It’s been seven years, but within months the Ala Wai Canal will be without the emergency sewer pipe installed there after a massive spill in 2006.
Needless to say, area residents are thrilled with the thought of getting things back to normal.
“We can put in a dog park that has been put on hold since 2006. The bicycle path comes back online. We can actually use our park the way we always liked to,” Moiliili resident Ron Lockwood said.
It’s a real relief for a couple of neighboring schools. Iolani had to make some changes because of a loss of their softball field.
“For all those years now, we’ve been having to ship our softball program to the other part of Ala Wai Park, which is a pretty good walk for kids to get there on time, and have a reasonable practice and get back in time to shower up and go home,” Iolani Athletic Director Carl Schroers said.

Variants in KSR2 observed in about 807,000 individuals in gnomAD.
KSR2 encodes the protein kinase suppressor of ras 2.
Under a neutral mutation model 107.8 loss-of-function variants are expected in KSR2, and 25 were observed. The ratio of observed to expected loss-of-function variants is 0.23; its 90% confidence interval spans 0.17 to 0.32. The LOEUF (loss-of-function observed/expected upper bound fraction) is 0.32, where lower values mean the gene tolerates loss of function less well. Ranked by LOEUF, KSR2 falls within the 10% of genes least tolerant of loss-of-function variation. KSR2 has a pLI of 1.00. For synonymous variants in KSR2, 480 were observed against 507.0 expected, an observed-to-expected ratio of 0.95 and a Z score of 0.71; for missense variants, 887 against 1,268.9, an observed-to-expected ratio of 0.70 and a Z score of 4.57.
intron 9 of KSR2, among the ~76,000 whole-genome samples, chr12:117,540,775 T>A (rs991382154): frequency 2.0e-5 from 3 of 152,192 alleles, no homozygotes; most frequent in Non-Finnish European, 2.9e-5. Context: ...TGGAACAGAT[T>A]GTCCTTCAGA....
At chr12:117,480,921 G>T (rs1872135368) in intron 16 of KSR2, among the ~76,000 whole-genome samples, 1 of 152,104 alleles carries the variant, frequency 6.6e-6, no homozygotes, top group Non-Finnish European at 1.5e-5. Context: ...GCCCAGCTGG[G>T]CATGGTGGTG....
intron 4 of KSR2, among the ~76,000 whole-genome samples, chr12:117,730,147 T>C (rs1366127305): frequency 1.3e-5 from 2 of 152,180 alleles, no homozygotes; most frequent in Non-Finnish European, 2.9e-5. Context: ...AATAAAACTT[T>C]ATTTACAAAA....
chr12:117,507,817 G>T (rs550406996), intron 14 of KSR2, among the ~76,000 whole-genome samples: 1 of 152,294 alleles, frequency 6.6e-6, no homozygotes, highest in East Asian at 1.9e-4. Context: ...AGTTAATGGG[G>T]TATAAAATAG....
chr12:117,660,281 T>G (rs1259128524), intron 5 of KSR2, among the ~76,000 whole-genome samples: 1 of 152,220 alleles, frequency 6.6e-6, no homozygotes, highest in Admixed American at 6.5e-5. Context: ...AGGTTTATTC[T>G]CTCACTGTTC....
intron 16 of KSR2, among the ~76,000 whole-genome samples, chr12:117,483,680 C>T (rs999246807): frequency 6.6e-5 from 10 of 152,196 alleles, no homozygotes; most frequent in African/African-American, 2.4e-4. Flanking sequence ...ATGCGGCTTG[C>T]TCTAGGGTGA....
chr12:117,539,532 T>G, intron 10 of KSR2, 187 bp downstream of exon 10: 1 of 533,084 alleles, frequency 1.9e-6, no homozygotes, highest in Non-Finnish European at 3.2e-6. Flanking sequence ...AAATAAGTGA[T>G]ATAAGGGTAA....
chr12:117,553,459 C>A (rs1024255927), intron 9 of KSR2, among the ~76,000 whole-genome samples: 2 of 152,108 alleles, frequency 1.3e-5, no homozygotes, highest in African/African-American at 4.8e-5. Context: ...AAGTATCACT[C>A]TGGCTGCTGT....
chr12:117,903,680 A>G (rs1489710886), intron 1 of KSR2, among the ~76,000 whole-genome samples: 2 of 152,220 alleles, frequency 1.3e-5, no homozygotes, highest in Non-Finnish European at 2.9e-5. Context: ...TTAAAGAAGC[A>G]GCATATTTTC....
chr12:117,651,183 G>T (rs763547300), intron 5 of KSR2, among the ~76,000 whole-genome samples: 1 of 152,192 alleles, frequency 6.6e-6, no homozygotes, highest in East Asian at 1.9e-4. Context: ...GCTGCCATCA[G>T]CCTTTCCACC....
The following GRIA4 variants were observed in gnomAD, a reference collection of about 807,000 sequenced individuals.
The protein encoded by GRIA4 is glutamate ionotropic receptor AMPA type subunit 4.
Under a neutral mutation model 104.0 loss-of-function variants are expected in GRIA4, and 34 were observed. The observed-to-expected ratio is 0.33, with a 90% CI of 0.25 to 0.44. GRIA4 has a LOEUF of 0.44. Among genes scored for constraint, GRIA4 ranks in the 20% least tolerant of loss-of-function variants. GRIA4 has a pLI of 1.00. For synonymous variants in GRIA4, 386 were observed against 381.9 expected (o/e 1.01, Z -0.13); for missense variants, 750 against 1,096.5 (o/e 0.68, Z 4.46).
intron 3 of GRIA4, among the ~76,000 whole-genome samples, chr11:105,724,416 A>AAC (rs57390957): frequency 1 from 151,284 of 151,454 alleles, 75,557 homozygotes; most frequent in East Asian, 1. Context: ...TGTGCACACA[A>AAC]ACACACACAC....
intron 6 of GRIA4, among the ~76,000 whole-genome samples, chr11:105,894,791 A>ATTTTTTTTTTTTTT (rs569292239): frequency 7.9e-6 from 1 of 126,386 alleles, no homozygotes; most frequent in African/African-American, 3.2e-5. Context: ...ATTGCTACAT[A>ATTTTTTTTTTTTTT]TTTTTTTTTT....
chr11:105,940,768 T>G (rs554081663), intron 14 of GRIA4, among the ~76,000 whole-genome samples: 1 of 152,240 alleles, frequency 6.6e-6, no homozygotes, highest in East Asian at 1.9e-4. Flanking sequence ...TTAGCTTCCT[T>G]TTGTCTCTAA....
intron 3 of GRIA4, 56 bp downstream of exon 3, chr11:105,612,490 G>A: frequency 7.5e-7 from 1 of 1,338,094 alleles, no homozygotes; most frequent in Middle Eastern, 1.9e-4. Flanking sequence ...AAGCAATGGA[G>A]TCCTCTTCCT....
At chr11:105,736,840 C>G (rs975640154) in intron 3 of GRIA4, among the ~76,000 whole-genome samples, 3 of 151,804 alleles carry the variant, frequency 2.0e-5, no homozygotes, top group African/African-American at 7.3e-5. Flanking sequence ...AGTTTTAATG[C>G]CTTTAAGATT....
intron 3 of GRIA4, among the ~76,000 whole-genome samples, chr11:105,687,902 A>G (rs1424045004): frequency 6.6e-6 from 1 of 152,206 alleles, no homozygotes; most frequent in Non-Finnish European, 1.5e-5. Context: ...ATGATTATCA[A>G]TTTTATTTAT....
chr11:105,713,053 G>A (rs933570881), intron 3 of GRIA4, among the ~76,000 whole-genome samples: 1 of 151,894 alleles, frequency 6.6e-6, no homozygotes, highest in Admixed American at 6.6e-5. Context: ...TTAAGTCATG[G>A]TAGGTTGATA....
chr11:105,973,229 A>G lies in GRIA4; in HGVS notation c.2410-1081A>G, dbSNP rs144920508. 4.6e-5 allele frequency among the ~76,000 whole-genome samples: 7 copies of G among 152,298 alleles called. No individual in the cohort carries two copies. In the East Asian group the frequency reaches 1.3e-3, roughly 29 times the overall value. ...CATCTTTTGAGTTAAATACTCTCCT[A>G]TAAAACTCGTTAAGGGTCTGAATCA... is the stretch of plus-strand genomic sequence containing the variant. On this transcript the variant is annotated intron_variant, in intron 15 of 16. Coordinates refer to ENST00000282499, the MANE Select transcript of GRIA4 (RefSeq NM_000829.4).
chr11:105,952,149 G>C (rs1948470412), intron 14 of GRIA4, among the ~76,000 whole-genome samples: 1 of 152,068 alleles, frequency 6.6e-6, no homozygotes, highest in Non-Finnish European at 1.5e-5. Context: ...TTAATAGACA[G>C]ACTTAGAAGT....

They lost their field so the crews could have access to the Ala Wai to do the necessary work.
Another school greatly affected is Ala Wai Elementary. When crews pull up stakes, that school has more to worry about.
“There are some concerns that we are concerned about just access that will open up a little bit more. So, we have to be more proactive with our campus, making sure that our campus will remain secure,” Ala Wai Elementary School Sean Wong said.
The pipe has been cleaned out and sealed for sometime.
The final leg of work is already underway and should take just weeks.
“When we cut that up, we are going to have it done by the end of August, and the remaining about 2,000 feet. They’ll float the remaining 2,000 feet and float that up from the McCully bridge down to the Ala Moana bridge . And then it’s done,” Honolulu Mayor Kirk Caldwell said.
As for cost, the original fix to the broken sewer in Waikiki cost about $44 million. That’s the same cost for the bypass, which is about to be pulled from the water…
The total cost comes out to $88 million.
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